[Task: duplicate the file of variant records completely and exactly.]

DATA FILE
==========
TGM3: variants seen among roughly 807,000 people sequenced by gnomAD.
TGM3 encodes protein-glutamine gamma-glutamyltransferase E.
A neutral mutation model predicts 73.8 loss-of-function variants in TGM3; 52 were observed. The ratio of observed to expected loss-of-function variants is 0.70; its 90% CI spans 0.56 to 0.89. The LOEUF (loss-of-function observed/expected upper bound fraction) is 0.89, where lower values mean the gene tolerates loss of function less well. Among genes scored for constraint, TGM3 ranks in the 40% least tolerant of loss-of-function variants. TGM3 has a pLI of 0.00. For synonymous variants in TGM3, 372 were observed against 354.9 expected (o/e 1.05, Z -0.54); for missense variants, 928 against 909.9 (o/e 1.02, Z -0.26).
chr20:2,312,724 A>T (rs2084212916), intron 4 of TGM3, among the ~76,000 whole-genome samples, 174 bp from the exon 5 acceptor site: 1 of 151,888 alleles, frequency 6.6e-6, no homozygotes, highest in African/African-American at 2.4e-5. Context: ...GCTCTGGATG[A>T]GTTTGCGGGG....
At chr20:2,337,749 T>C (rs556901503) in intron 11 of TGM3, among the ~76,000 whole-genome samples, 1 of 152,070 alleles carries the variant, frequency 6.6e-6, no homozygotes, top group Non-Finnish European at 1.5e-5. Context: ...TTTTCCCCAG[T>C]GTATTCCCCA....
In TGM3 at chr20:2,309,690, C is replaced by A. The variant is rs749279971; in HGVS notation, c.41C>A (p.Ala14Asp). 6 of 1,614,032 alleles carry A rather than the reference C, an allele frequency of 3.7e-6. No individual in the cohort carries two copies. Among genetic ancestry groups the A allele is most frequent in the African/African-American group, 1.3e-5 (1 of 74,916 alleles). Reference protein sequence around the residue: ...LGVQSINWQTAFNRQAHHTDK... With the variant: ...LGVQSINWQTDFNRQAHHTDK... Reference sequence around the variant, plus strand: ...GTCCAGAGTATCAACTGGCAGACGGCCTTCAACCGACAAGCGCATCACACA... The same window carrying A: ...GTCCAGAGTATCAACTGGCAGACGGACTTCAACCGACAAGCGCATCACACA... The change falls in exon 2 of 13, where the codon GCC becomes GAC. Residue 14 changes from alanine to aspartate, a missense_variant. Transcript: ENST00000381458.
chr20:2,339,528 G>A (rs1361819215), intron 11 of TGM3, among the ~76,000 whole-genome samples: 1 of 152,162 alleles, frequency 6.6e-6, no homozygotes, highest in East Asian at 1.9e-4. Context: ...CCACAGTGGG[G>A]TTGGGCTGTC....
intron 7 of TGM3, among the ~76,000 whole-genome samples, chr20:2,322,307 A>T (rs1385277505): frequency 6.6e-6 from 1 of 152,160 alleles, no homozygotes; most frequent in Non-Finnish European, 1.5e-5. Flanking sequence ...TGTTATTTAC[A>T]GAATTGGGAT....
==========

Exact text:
TGM3: variants seen among roughly 807,000 people sequenced by gnomAD.
TGM3 encodes protein-glutamine gamma-glutamyltransferase E.
A neutral mutation model predicts 73.8 loss-of-function variants in TGM3; 52 were observed. The ratio of observed to expected loss-of-function variants is 0.70; its 90% CI spans 0.56 to 0.89. The LOEUF (loss-of-function observed/expected upper bound fraction) is 0.89, where lower values mean the gene tolerates loss of function less well. Among genes scored for constraint, TGM3 ranks in the 40% least tolerant of loss-of-function variants. TGM3 has a pLI of 0.00. For synonymous variants in TGM3, 372 were observed against 354.9 expected (o/e 1.05, Z -0.54); for missense variants, 928 against 909.9 (o/e 1.02, Z -0.26).
chr20:2,312,724 A>T (rs2084212916), intron 4 of TGM3, among the ~76,000 whole-genome samples, 174 bp from the exon 5 acceptor site: 1 of 151,888 alleles, frequency 6.6e-6, no homozygotes, highest in African/African-American at 2.4e-5. Context: ...GCTCTGGATG[A>T]GTTTGCGGGG....
At chr20:2,337,749 T>C (rs556901503) in intron 11 of TGM3, among the ~76,000 whole-genome samples, 1 of 152,070 alleles carries the variant, frequency 6.6e-6, no homozygotes, top group Non-Finnish European at 1.5e-5. Context: ...TTTTCCCCAG[T>C]GTATTCCCCA....
In TGM3 at chr20:2,309,690, C is replaced by A. The variant is rs749279971; in HGVS notation, c.41C>A (p.Ala14Asp). 6 of 1,614,032 alleles carry A rather than the reference C, an allele frequency of 3.7e-6. No individual in the cohort carries two copies. Among genetic ancestry groups the A allele is most frequent in the African/African-American group, 1.3e-5 (1 of 74,916 alleles). Reference protein sequence around the residue: ...LGVQSINWQTAFNRQAHHTDK... With the variant: ...LGVQSINWQTDFNRQAHHTDK... Reference sequence around the variant, plus strand: ...GTCCAGAGTATCAACTGGCAGACGGCCTTCAACCGACAAGCGCATCACACA... The same window carrying A: ...GTCCAGAGTATCAACTGGCAGACGGACTTCAACCGACAAGCGCATCACACA... The change falls in exon 2 of 13, where the codon GCC becomes GAC. Residue 14 changes from alanine to aspartate, a missense_variant. Transcript: ENST00000381458.
chr20:2,339,528 G>A (rs1361819215), intron 11 of TGM3, among the ~76,000 whole-genome samples: 1 of 152,162 alleles, frequency 6.6e-6, no homozygotes, highest in East Asian at 1.9e-4. Context: ...CCACAGTGGG[G>A]TTGGGCTGTC....
intron 7 of TGM3, among the ~76,000 whole-genome samples, chr20:2,322,307 A>T (rs1385277505): frequency 6.6e-6 from 1 of 152,160 alleles, no homozygotes; most frequent in Non-Finnish European, 1.5e-5. Flanking sequence ...TGTTATTTAC[A>T]GAATTGGGAT....